There’s one at every convention or comic mart or work-in or signing, always one nervous and naive young novice who, during a lull in the questions-and answers session will raise one fluttering hand aloft and inquire, tremulously, “Where do you get your ideas from?” And do you know what we do? We…
This magazine features an interview with Sam Alden by T.S. Moreau, essays on Nancy by Dorothy Berry, and an interview with Comics Workbook Composition Competition 2013 winner Dave Ortega. We also have new comics by Oliver East, Sarah Horrocks, and Zach Mason. The cover was drawn by Sam Alden.
Coracle #3, David C. Mahler
This is a collection of short comics, most just one or two pages, which are all autobio, or at least lean heavily in that direction.
Mahler doesn’t yet seem to have full control over his line, in the sense that figures are sometimes uneven, and the heavy crosshatching is at times filling space more than it is describing light or contour. That weakness isn’t helped by the fact that the pages seem to be significantly reduced for print. But the best moments here are compelling.
My favorite part is the center spread, a single landscape image accompanied by the words “I wish this was my home.” Here, the crosshatching is less overwhelming, more purposeful, and offset by pleasant white spaces. In another strong piece, and one that perhaps plays to my own biases, a character’s increasingly enthusiastic rumination on art and dance leads him to dissolve into a sequence of exuberant abstract brushstrokes. You can read that one online. Mahler seems to be aiming for a place of honesty and sincerity in his work, and at times he gets there, but in some of the weaker stories that tone feels forced. Lines like “Our universe is absolutely incredible…and it looms over us, but only when we stare…does it smile so fucking broadly” carry less weight than the simple understatement of “I wish this was my home.”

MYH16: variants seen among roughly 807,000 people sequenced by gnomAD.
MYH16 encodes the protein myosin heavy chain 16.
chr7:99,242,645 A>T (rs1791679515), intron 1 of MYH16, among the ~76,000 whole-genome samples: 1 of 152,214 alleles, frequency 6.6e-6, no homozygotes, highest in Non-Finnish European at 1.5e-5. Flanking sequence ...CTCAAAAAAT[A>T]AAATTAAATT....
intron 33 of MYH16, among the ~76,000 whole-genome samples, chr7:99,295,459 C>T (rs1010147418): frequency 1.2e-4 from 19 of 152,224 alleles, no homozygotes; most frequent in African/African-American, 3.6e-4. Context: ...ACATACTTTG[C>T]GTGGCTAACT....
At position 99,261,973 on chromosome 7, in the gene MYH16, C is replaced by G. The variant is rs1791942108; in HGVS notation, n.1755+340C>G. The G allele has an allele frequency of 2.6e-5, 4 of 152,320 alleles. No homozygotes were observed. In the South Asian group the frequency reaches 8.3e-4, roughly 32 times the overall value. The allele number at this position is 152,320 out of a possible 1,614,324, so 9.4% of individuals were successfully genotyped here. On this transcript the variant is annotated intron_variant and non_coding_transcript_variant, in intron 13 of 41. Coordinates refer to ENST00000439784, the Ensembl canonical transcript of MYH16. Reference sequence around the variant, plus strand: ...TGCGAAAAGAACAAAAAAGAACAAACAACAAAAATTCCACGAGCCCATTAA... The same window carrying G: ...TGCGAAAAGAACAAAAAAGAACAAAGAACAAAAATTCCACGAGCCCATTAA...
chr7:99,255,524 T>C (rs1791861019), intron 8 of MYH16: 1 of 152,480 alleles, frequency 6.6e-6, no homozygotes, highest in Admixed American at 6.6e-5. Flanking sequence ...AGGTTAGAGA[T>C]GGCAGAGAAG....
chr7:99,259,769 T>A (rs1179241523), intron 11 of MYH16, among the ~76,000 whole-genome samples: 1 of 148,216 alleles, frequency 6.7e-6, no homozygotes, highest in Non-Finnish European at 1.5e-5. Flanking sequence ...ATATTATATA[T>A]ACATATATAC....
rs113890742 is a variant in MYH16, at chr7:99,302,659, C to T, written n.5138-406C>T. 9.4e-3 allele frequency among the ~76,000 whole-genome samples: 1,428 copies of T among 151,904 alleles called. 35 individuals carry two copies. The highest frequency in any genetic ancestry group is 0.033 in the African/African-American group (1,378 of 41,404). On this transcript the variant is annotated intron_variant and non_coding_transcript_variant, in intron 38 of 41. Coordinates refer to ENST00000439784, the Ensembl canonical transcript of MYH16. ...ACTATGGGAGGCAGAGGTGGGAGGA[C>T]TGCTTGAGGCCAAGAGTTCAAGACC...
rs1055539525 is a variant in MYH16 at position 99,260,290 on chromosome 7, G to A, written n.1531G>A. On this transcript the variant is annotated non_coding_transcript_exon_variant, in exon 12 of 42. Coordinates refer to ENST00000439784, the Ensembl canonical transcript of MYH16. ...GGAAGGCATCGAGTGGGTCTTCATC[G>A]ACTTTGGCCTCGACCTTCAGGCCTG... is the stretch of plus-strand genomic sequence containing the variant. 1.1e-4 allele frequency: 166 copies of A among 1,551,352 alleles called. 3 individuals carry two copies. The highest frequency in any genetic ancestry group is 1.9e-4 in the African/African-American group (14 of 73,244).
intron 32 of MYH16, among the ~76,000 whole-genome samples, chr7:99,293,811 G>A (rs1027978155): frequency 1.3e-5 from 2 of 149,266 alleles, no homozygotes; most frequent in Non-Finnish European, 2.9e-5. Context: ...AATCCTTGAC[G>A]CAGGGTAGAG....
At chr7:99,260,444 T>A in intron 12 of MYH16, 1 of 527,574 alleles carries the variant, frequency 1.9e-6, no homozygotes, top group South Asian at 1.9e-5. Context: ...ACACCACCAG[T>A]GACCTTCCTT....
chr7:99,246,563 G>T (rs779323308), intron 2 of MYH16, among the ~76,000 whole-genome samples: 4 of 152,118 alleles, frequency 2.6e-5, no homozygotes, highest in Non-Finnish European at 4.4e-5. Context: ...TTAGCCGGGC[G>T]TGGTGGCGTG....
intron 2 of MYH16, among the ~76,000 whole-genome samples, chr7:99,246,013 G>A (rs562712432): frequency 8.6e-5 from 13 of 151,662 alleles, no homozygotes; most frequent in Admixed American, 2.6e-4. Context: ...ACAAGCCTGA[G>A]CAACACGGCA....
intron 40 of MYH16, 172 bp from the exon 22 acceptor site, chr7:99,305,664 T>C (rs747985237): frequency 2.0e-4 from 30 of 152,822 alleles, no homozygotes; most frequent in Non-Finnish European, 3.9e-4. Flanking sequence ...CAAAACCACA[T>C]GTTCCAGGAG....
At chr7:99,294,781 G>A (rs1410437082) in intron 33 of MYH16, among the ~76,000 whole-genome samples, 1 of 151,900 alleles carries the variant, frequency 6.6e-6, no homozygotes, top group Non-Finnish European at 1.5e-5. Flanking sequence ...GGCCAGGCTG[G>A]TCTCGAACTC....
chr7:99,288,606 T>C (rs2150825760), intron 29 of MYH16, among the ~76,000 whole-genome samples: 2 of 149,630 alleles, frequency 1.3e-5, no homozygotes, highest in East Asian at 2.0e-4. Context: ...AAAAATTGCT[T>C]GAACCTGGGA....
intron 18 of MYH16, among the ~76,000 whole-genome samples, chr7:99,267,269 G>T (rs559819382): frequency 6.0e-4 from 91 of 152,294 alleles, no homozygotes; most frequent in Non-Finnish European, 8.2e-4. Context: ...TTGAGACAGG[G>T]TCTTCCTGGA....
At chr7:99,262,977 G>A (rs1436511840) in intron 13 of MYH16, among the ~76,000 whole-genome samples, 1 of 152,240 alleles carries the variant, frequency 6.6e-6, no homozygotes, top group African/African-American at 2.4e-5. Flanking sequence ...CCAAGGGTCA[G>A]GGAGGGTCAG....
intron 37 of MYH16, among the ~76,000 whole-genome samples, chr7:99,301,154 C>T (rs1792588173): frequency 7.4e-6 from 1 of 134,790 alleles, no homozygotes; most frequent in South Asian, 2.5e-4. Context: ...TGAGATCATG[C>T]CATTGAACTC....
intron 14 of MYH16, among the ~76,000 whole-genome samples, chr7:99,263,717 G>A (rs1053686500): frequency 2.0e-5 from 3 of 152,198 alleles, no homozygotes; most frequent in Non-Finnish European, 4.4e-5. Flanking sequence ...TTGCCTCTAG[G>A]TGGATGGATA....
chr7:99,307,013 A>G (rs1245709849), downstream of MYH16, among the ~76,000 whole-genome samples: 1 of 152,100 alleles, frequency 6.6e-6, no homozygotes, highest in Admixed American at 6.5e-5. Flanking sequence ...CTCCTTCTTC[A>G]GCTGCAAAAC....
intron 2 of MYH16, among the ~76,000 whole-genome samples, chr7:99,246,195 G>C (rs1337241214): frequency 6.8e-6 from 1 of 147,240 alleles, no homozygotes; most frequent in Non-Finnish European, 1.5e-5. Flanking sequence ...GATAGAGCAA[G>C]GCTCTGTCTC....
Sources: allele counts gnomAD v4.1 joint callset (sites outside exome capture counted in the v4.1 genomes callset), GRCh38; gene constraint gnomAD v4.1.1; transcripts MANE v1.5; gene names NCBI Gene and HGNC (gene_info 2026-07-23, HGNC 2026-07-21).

"Global Image, Local Image"
Made for Comics Workbook
I first picked up Charles Forsman’s The End of the Fucking World (TEOFW) minis at SPX a few years ago and instantly knew that it was going to be a thing (yeah, I’m being one of those annoying “I told you so” people, but whatever). Now that TEOFW is done, Forsman has embarked on a new series called Teen Creeps, which according to him, will be a long running series made up of a “universe of loosely connected characters” and multiple stories. I will be reviewing the first four minis.
Forsman has a thing for teenagers. Ok, back it up, that sounds skeevy. RATHER, he has a history of writing stories about adolescents who forge bonds in inhospitable environments. In the case of Teen Creeps 1-4 we see two female friends who navigate a sexually hostile one. The weapons of choice here are language and violation of trust by peers, adults, and friends.
Writing about high school can be tricky, because many people, and in particular comics-oriented people, probably have negative associations with it (ok I know this is a gross generalization, but we were all dorks at some level, c’mon!). You’d think that people would gravitate towards something as universal as school and adolescence, but reliving this time period can actually be quite distressing and a deterrent to trying out high school related material. Luckily, Forsman has a knack for it. Yes, it’s painful, but compelling enough to make you keep reading.